Which one is healthier? We spoke with Allison Knott, MS, RD, LDN and President of the Chattanooga Academy of Nutrition and Dietetics, who helped us determine the healthy choice between two similar foods.
Green Peas vs. Green Beans
When it comes to green peas and green beans, it’s a tit for tat. “Green peas are higher in calories, but they’re also higher in fiber,” Knott says. “There are seven grams of fiber and eight grams of protein in one cup of green peas. They are an excellent source of fiber and a good source of protein.” Those extra calories are balanced out by the boost of nutrients. Plus, peas are a great source of potassium, which according to Knott, is a nutrient Americans don’t get enough of. When it comes to these two green side veggies, they’re both winners. “As a dietitian, I promote whole foods, and both of these vegetables are good sources of nutrients for you,” says Knott.
Sparkling Water vs. Still Water
If you feel like still water is too bland, boring, and blah, you’re not
alone. Most Americans opt for sugary, sweetened beverages to escape the tastelessness of water, while others opt for a smarter choice – sparkling water. But does the sparkling beverage have any drawbacks? “If you’re looking for that fizzy something special, sparking water is totally fine,” says Knott. “I say drink up.” She does caution to look out for added sugars in sparkling waters. If you need to add some pizzazz to your sparkling or still water, Knott recommends jazzing them up with all kinds of flavor combinations, from mint watermelon to strawberry basil.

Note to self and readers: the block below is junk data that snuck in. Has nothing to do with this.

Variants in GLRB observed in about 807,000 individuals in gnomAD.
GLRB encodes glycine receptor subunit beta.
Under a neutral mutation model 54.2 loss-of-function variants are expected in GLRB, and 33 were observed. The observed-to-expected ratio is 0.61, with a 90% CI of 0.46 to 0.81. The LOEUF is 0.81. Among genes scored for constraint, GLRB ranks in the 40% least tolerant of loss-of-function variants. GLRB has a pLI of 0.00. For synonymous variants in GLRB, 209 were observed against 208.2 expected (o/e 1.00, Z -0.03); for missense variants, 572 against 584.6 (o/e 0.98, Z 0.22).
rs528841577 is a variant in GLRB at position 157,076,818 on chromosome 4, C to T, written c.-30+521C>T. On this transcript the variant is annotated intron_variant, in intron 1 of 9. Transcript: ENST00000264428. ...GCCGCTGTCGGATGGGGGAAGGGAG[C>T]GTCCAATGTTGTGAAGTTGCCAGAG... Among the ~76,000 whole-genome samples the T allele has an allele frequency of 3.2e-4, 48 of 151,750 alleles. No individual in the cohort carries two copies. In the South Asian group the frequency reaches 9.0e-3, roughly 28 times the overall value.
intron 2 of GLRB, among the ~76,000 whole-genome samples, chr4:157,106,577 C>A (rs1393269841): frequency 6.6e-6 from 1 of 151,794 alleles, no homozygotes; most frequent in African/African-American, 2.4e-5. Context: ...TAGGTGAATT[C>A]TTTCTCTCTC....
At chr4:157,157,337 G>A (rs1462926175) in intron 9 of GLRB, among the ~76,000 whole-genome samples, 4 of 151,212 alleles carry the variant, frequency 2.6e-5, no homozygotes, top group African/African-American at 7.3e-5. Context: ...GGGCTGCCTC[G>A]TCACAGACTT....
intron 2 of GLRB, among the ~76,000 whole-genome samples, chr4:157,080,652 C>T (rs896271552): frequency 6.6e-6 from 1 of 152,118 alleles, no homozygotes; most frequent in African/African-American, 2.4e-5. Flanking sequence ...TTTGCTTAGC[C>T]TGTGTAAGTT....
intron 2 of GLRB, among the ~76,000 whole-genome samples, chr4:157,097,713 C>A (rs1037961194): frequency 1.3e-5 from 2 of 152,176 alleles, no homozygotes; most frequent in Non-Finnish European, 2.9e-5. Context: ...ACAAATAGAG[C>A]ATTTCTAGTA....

Pita Bread vs. Tortilla Wraps
Typically filled with meats and veggies, both pita bread and tortilla wraps serve the same general purpose. Next time you’re planning lunch or dinner, which should you opt for? “The most important thing to know is that bread is actually a surprising source of sodium,” Knott says. This means if you’re working to cut down your sodium intake, opt for a lettuce wrap instead. “Gram for gram, the pita and the tortilla are practically the same,” she explains. However, Knott notes that oftentimes tortillas tend to be larger than pitas, upping the amount of sodium. If faced with the two, go for the smaller pita. “I think that the key is to opt for the whole wheat or whole grain version, so you make sure to get plenty of whole grains and add to your fiber intake for the day,” explains Knott.
Chips vs. Fries
You might be having a healthy sandwich for lunch, but be conscientious when choosing your sides. Lots of sandwich shops offer the option of chips or fries. Which is the lesser of the two evils? “You have to think about whether they’re fried potato chips or baked,” says Knott. “If they’re baked, then they’re lower in calories and fat than fries.” Another thing to keep in mind is portion size. Typically fries come in a significantly larger volume than chips do, so if you can’t pass them up, consider sharing. One more thing that Knott says gives chips the edge? Dipping sauces that accompany those greasy, golden fries. “Ketchup, barbecue sauce, and mustard – all those things really up your sodium intake, which can be